We can relax. Ghostbusters 2016 is here, and the world is still turning. The 1984 original remains untarnished, childhoods aren’t ruined, the feminists haven’t taken over, volcanoes haven’t erupted, and dogs and cats still live separately. For all the Internet ‘mass hysteria’, Paul Feig’s Ghostbusters turns out to be harmless fun, and just a movie after all.
That isn’t to say it’s a great movie. For a pure comedy (which this is) it isn’t nearly funny enough; and it’s nowhere near as effortlessly genius as the original. And despite some encouraging early reviews, this wont turn the tide of what has been a dismal summer blockbuster season. If you are one of those offended by the very thought of Ghostbusters rebooted, and hate what you’ve seen of it so far, you wont be swayed.
The mostly female cast are a winning team. Wiig, McCarthy, Jones and McKinnon are all enjoyable to watch and their characters are, by and large, instantly likeable in a goofball kind of way. That especially goes for Wiig’s charmingly dorky and uptight (yet still attractive) protagonist Erin Gilbert, and also for McCarthy’s Abby Yates and Jones’ Patty Tolman. Anyone fearing those two in particular would be shrill, screeching, ball-busters will be pleasantly surprised to find they are amiable, chilled, smart and conscionable. They care about each other and what they are doing, imbuing the film with enough heart to offset the rather unconvincing tone (more on that later). McKinnon’s irreverent engineer Jillian Holtzmann over-eggs the wacky eccentric persona and treads a fine line between ‘funny cool’ and ‘funny dislikeable’, but for some she might steal the film. Chris Hemsworth is a hoot as the dim-witted hunk receptionist Kevin, and although they go a little too far with it (he’s implausibly cretinous), he raises the most laughs. It’s a clear kick in the nuts to years of eye-candy movie bimbos, and that’s fine, girls; you earned that. Even that is handled lovingly; the ladies end up being rather maternal and protective toward Kevin, which is rather cute.
Another plus is the film’s attempt to stand on its own and be its own thing. This isn’t a straight up gender-reversed remake of what we’ve seen before, and it works best when following its own path. It’s playful and inventive (the genesis of the logo and the company title for example, are cleverly addressed) and has a freshness that many remakes lack. It wants to be original, yet feels slightly held back. The ghosts and action scenes might be cartoony and unbelievable, but Feig runs with that and simply has fun. His centrepiece: a massive ghostly-brawl in Times Square where an newly released army of the dead squares up against our tooled-up heroines, delivers some spectacular supernatural ass-kickery.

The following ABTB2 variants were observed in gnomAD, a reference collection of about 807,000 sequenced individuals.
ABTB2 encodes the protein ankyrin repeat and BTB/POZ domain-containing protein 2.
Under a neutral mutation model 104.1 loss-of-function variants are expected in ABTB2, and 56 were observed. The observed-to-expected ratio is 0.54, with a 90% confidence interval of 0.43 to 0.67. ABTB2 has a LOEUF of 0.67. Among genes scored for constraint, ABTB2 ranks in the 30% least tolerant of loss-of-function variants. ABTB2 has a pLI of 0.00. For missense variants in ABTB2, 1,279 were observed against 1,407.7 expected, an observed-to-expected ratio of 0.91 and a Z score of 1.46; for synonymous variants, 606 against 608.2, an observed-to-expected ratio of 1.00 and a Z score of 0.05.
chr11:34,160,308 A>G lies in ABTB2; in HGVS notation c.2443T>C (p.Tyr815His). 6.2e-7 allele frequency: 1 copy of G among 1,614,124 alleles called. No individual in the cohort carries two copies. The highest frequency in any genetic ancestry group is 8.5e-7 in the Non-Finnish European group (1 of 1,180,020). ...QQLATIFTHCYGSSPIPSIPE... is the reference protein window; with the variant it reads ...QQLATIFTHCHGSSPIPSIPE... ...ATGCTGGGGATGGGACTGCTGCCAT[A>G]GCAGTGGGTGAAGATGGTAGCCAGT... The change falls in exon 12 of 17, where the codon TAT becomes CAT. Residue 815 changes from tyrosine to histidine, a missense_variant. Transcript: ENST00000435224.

On the negative side, the humour is decidedly blunt round the edges; lacking the sharp, sardonic bite of the original and resulting is a low laughter count. It’s surprisingly tame too. Furthermore in its attempt to reference and homage its illustrious predecessor (perhaps to try and appease the detractors), it almost becomes beholden to it with endless nods, forced catchphrases, and a parade of truly awful cameo appearances that stop the film in its tracks. The worst of these, sadly, comes from a lifeless Bill Murray who meanders in and out of the movie in one of the film’s flattest and least comfortable scenes. And here we come to the films main weakness; it never feels authentic. The original film felt grounded in its own semi-reality, populated by real (if exaggerated) personalities allowing you to suspend disbelief even when the film was at its most silly. At no point in the reboot does anyone or anything feel genuine. Nor is it ever in the least bit scary; something the original managed to blend effortlessly with its humour. Feig doesn’t even try to go down that road, and is content for his supernatural creations to be little more than special effects cannon fodder for the girls. It’s a little on the nose too with its agenda; with troll-feeding jabs at YouTube critics, haters, racists and misogynists. The movie is better than that; a bit of subtlety might have been welcome here.
So in the end Ghostbusters 2016 is a not-terrible, not-great movie that can stand on its own merits as a piece of lightweight, but inclusive, entertainment. The chirpy credits and post-credits teaser also set up a sequel, which now doesn’t seem like an entirely unwelcome prospect, provided they take the stabilisers off. They do that, and I’ll happily wanna give these girls another call.